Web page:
The Intersection of Marriage and Feminism: My Personal Journey
As a self-proclaimed feminist, I never thought that my decision to take my husband’s last name would be met with such internal conflict. Yet, two months after my wedding, I found myself grappling with the notion that changing my name would somehow erase my identity as an individual. Was I betraying the feminist movement? Was I setting a bad example for other women?
These questions led me to seek the advice of Tanya Vasunia, a psychologist and published researcher who had recently gotten married herself. She confessed to feeling like a “bad feminist” at times, particularly when making practical decisions that seemed to sideline her identity as a woman. For example, when choosing between living in New York City or Washington DC, she ultimately went with the latter because it was more conducive to her husband’s career and income potential. This decision was not without its challenges, however, as Vasunia felt that her own career goals and sense of self were being compromised.
Talking to Vasunia and other married friends helped me realize that these struggles were not unique to me. Many women face difficult choices when it comes to marriage and feminism, whether it’s deciding whether or not to wear a traditional symbol of marriage like a mangalsutra or negotiating living arrangements with in-laws. What’s important, according to Vasunia, is that we make decisions that align with our values and identity as women at the time. Feminism is not a one-size-fits-all approach; it evolves over time and can look different for each individual.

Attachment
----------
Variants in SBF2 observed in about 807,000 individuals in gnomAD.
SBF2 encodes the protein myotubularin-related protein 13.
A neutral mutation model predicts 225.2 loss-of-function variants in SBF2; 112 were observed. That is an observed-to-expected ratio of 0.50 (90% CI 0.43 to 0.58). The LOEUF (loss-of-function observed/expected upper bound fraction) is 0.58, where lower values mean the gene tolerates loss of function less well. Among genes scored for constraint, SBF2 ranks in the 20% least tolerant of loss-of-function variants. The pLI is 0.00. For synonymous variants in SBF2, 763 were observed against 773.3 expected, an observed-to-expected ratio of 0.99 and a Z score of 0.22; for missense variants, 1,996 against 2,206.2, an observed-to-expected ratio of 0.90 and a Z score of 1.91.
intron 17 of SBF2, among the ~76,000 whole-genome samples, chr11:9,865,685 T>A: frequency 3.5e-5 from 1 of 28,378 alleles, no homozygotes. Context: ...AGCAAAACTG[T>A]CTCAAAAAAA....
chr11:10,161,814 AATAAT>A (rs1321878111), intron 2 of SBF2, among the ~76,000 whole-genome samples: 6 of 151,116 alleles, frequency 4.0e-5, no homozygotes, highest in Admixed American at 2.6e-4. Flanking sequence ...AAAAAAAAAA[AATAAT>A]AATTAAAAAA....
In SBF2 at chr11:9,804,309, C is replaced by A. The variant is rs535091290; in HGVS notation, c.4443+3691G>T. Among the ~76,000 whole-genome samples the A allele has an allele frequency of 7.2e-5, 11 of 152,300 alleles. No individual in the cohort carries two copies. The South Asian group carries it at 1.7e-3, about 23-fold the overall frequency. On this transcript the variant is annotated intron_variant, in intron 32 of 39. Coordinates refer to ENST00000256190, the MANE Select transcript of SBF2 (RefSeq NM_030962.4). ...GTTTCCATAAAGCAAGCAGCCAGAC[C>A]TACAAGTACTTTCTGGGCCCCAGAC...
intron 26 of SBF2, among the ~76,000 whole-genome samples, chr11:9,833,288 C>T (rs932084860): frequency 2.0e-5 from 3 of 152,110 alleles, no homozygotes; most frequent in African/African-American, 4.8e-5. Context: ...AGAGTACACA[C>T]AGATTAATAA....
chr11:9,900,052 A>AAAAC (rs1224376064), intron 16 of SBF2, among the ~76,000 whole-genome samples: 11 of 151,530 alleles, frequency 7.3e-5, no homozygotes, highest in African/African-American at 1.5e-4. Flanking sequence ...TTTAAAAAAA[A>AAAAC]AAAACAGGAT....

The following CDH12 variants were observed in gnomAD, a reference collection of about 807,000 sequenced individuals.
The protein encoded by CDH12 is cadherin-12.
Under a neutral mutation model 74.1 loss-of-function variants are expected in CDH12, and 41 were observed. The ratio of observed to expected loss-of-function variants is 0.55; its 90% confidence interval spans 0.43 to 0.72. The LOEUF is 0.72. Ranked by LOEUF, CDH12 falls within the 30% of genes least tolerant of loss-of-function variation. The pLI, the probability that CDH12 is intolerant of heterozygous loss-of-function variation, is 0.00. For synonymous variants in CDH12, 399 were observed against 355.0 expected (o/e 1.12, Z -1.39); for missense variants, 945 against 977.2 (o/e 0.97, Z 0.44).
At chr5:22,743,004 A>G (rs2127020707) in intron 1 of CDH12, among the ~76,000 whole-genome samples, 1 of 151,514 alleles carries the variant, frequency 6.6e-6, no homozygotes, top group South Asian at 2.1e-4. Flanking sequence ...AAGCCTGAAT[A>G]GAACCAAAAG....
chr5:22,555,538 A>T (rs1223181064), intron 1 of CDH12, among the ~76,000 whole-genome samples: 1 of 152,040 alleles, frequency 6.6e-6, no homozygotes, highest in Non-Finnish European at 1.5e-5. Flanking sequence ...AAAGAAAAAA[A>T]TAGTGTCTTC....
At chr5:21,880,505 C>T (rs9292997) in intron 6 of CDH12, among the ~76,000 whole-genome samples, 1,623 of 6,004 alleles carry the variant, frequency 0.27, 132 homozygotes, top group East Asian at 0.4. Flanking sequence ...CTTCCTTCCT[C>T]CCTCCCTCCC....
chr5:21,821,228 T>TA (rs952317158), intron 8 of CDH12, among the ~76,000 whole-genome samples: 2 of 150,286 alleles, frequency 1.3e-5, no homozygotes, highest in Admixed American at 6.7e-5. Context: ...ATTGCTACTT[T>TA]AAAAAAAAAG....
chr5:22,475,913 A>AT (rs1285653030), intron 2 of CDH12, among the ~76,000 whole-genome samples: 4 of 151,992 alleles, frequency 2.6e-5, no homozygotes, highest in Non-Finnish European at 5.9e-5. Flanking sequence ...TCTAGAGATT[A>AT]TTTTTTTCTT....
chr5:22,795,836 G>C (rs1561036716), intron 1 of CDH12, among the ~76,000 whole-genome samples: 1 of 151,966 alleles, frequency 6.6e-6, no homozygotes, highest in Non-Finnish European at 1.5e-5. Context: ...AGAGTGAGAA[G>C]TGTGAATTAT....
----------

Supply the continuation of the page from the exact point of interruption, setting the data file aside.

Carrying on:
For me, changing my last name was a voluntary decision that ultimately felt right. While there are many ways to update your name after marriage, such as adopting your partner’s initials or choosing a new family name altogether, I decided to take my husband’s last name as my own. This decision was not made lightly; I weighed the pros and cons and considered the administrative benefits of being processed together as a family. But the most compelling reason for me was that my maiden name simply didn’t fit me anymore. I had matured and outgrown it in many ways, and embracing my husband’s name felt like a way to explore a fresh aspect of my identity.
Of course, there are still moments when I feel the need to justify my decision or prove that my husband and I are equals in our marriage. But as long as we continue to respect and understand each other’s contributions and struggles, big or small, we can work towards a more equitable future together.
Marriage and feminism are not mutually exclusive; they can coexist and even complement each other. It’s up to each individual woman to navigate these intersections in a way that feels true to herself and her values. As Vasunia says, “It is important to be the kind of woman that you feel comfortable being.”